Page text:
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Is the GOP's "Southern Strategy" Over?

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Paul Krugman's newest essay at the New York Times, "Bigger Than Bush," skewers the GOP for its racist backlash strategy, aka the "Southern Strategy." He, as usual, makes a great deal of sense, but he also has not gone far enough and is bound by the limitations of vision within this two-party system.

Here are the first few lines of his Op-Ed, followed by my commentary:

"As the new Democratic majority prepares to take power, Republicans have become, as Phil Gramm might put it, a party of whiners.

"Some of the whining almost defies belief. Did Alberto Gonzales, the former attorney general, really say, 'I consider myself a casualty, one of the many casualties of the war on terror'? Did Rush Limbaugh really suggest that the financial crisis was the result of a conspiracy, masterminded by that evil genius Chuck Schumer?

"But most of the whining takes the form of claims that the Bush administration’s failure was simply a matter of bad luck — either the bad luck of President Bush himself, who just happened to have disasters happen on his watch, or the bad luck of the G.O.P., which just happened to send the wrong man to the White House.

"The fault, however, lies not in Republicans’ stars but in themselves. Forty years ago the G.O.P. decided, in effect, to make itself the party of racial backlash. And everything that has happened in recent years, from the choice of Mr. Bush as the party’s champion, to the Bush administration’s pervasive incompetence, to the party’s shrinking base, is a consequence of that decision."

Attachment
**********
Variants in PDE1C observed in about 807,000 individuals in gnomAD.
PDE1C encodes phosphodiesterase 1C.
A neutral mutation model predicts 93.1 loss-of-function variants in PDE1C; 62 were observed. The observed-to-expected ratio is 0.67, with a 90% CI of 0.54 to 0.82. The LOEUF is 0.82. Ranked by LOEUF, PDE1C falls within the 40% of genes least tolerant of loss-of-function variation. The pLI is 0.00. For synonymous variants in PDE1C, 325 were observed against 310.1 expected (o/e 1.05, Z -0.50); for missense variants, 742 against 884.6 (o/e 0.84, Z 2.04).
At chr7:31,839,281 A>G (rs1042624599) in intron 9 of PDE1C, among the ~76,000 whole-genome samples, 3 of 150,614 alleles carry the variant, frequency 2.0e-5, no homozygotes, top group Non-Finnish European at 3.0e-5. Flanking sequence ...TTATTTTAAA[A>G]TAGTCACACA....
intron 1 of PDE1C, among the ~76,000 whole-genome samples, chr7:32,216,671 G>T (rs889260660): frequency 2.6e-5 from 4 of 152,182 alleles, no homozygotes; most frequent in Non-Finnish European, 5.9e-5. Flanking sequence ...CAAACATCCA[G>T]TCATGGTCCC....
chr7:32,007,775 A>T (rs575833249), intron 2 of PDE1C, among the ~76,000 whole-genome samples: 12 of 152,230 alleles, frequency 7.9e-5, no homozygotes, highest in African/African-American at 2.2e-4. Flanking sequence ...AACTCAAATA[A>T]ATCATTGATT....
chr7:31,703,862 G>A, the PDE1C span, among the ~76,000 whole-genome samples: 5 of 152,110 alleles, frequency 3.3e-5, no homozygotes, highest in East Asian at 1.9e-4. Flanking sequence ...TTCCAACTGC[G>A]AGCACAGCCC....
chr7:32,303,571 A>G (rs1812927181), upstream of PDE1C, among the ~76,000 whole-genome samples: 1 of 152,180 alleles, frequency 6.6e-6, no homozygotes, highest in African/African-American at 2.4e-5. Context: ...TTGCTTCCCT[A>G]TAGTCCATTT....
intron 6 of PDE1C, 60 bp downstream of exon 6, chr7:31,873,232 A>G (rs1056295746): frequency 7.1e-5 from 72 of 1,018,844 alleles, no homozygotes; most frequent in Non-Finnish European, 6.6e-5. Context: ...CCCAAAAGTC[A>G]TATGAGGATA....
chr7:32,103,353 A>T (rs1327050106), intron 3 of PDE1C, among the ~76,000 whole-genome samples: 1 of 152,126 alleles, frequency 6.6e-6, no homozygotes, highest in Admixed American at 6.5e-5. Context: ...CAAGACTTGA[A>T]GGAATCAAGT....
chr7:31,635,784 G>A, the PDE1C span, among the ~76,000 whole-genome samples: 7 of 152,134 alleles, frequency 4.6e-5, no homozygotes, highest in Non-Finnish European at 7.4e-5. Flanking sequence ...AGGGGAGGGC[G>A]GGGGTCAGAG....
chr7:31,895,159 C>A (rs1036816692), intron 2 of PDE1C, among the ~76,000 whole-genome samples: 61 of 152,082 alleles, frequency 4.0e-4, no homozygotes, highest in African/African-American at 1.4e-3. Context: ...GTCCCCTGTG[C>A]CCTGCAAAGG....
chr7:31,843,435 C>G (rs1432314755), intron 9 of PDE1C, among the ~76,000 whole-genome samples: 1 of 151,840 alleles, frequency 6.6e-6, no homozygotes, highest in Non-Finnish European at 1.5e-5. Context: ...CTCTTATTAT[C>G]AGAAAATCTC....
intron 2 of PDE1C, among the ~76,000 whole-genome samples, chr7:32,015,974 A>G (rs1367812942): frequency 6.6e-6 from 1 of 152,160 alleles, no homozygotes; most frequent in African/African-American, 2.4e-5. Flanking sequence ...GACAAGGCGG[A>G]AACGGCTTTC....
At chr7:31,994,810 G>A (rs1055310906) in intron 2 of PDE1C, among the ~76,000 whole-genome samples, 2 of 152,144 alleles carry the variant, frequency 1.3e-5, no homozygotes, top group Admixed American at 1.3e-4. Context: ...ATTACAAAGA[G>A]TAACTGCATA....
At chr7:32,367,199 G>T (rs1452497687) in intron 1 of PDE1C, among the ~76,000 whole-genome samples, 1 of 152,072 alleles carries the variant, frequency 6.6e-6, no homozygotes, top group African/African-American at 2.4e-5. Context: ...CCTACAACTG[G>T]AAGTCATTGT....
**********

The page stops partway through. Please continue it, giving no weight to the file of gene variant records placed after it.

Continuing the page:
* * *

Left out of Krugman’s analysis of the GOP’s Southern Strategy is the strategy’s origins and its overt text (its racist content being its subtext) in the “law and order” issue of the 1960s. The GOP’s counter-attack against the 1960s’ insurgencies was its claim that social protests and street crime were all one and the same: criminal lawlessness.

While the Democrats under LBJ initially rightly derided the GOP for its coded racial appeals, they eventually succumbed to the “get tough” on crime mantra and both parties have been competing with one another ever since over who is tougher on crime. The explanation regularly offered for this convergence by the two parties and for the success of the Southern Strategy is white ethnics’ covert racism and beyond their ranks a general public antipathy for crime.

The conventional wisdom that the public embraced more punitive measures towards street crime in the Sixties and ever since is, however, wrong. 

My work on this topic earned me an international academic award in the 1990s (the Alfred R. Lindesmith Award), but the message of this work has not really extended beyond certain scholarly circles. There isn’t room here to recount the full argument and data that underscore that argument, but I encourage readers to go a full article on this at http://wcr.sonoma.edu/v5n1/loo.htm. I offer this excerpt from it here: